Today I want to talk about something that might feel only tangentially related to our hobby, but it likely affects you.

Recently the ARRL announced that it was “in the process of responding to a serious incident involving access to our network and headquarters-based systems”. A day later it sought to assure the community that the “ARRL does not store credit card information” and they “do not collect social security numbers” and went on to say that their “member database only contains publicly available information”. Five days after that it’s “continuing to address a serious incident involving access to our network and systems” and that “Several services, such as Logbook of The World® and the ARRL Learning Center, are affected.”, but “LoTW data is secure”. Over a third of the latest announcement, more than a week ago, was to assure the community that the July QST magazine is on track but might be delayed for print subscribers.

Regardless of how this situation evolves, it’s unwelcome news and much wider reaching than the ARRL.

LoTW, or Logbook of The World, is used globally by the amateur community to verify contacts between stations. The IARU, the International Amateur Radio Union, is headquartered at the ARRL office.

I’ve been told that I should have empathy and consider that the ARRL is only a small organisation that may not have the best of the best in technology staff due to budget constraints and finally, that LoTW being down for a few days is not going to kill anyone.

All those things might well be true and mistakes can and do happen.

The ARRL has been in existence for well over a century, bills itself as the answer to “When All Else Fails” and has even registered this as a trademark, but hasn’t actually said anything useful about an incident that appears to have occurred on the 14th of May, now over two weeks ago. By the way, that date is based on the UptimeRobot service showing less than 100% up-time on that day, the ARRL hasn’t told us when this all occurred, it didn’t even acknowledge that anything was wrong until two days later.

This raises plenty of uncomfortable questions.

What information did you share with the ARRL when you activated your LoTW account? For me it was over a decade ago. I jumped through the hoops required and managed to create a certificate. What information I shared at the time I have no idea about. As I’ve said before, I do know that security was more extreme than required by my bank, even today, and the level of identification required was in my opinion disproportionate to the information being processed by the service, lists of amateur stations contacting each-other.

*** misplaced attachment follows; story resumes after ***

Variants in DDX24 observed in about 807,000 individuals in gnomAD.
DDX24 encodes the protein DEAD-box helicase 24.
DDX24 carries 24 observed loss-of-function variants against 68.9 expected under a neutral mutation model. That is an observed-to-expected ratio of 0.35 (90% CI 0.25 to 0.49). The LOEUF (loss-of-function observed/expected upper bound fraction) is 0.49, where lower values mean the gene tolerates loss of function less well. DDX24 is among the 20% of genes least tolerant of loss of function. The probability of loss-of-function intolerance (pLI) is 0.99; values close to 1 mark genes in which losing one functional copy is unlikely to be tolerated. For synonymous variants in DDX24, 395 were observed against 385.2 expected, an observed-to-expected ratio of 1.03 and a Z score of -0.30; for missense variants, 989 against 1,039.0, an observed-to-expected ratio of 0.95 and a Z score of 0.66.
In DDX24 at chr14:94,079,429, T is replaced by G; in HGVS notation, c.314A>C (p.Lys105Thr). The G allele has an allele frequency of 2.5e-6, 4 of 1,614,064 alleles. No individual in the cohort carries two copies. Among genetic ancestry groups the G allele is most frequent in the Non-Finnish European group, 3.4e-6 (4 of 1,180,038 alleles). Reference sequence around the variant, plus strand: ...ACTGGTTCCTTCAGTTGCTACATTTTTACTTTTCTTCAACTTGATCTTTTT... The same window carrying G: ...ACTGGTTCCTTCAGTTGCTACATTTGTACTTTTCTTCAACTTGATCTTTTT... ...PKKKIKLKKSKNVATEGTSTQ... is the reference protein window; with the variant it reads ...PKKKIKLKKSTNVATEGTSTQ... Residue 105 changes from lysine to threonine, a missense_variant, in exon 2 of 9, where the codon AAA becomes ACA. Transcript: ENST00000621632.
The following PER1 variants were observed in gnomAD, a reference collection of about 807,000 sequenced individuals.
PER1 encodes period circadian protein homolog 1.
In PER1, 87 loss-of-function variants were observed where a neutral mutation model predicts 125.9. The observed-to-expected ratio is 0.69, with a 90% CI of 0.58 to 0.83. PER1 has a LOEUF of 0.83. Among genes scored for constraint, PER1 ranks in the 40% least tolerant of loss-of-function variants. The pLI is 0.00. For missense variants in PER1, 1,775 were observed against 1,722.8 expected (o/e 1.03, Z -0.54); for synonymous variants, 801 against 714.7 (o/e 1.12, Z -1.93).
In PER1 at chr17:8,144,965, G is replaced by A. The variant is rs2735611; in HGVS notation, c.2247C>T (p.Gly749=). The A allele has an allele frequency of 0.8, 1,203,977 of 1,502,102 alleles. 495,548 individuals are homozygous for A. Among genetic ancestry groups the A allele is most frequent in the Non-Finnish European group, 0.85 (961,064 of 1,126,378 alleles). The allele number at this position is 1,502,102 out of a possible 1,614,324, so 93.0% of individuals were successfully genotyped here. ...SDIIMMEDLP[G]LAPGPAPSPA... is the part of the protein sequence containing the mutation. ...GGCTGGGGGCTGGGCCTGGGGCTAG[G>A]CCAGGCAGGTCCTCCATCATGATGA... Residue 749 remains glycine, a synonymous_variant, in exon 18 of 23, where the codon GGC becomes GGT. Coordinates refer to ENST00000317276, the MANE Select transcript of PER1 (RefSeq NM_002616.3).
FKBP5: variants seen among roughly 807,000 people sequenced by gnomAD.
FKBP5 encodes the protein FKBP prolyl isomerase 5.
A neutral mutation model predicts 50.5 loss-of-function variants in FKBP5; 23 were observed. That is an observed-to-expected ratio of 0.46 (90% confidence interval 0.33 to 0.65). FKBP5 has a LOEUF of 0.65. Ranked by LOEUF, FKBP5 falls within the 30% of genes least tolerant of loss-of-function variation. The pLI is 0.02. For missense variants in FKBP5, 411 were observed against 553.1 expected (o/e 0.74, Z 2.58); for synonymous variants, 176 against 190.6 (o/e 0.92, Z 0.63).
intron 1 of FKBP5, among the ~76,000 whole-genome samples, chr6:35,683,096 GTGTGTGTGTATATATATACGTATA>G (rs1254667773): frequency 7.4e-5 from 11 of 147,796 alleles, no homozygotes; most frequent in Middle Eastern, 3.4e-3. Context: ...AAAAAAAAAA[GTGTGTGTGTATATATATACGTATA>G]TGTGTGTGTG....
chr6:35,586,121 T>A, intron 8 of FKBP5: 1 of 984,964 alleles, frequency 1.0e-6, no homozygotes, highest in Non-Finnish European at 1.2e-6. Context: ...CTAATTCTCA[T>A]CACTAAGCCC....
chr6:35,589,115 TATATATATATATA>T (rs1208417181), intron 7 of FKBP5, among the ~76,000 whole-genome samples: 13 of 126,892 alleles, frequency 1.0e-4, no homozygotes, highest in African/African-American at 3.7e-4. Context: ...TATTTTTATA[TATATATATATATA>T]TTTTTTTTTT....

Something to take into account, on the 30th of October 2013, Norm W3IZ wrote in an email to me: “Data is never removed from LoTW.” - I have no idea how much or which specific information that refers to.

If you used the ARRL Learning Center, what information did you share? If you’re a member of the ARRL, or you purchased something from their online store, what data was required and stored? Is the data at the IARU affected? What infrastructure, other than the office, do they share?

While I’ve been talking about the ARRL, this same issue exists with all the other amateur services you use.,,,, your local regulator, your amateur club, your social media accounts, all of it.

What information have you shared?

Do you have an internet birthday, address and middle name?

Recently I received a meme. It shows two individuals talking about life, the universe and everything. They discuss their favourite books, the first movie they ever watched, the name of their pets, what car they learnt to drive in, their interests and other things you talk about when you meet someone new and interesting. The last image of the meme shows the heading: “Security Questions Answered, Welcome Amanda.”

So, my question is this: What’s your favourite colour and your mother’s maiden name?

Seriously, next time you access a service online, have a look at what data that service has. When you sign up, consider the requirements for the service and how much information that’s worth. Do you really need to send your birthday, your gender and your physical address with a copy of your passport or another government approved identity document? If you’re being asked for the name of your first pet, consider answering something unique. In my case, I generate a random string of characters to use as an answer for each security question.

The ARRL “incident” is the tip of the iceberg. This problem is’t going away, it’s only going to get bigger and happen more often.

Final observation. With the potential of a global shopping list for thieves coming out of the database at the ARRL, will you be sharing your station address next time and if you’re subject to the GDPR, the General Data Protection Regulation, perhaps it’s time to ask your online service providers just exactly what they’re doing to protect your information, and that includes the ARRL.

I have sent two emails to the ARRL in relation to these questions, but have yet to receive an acknowledgement, let alone answers.

By the time this reaches you, perhaps the ARRL has answers to my questions and more.

I’m Onno VK6FLAB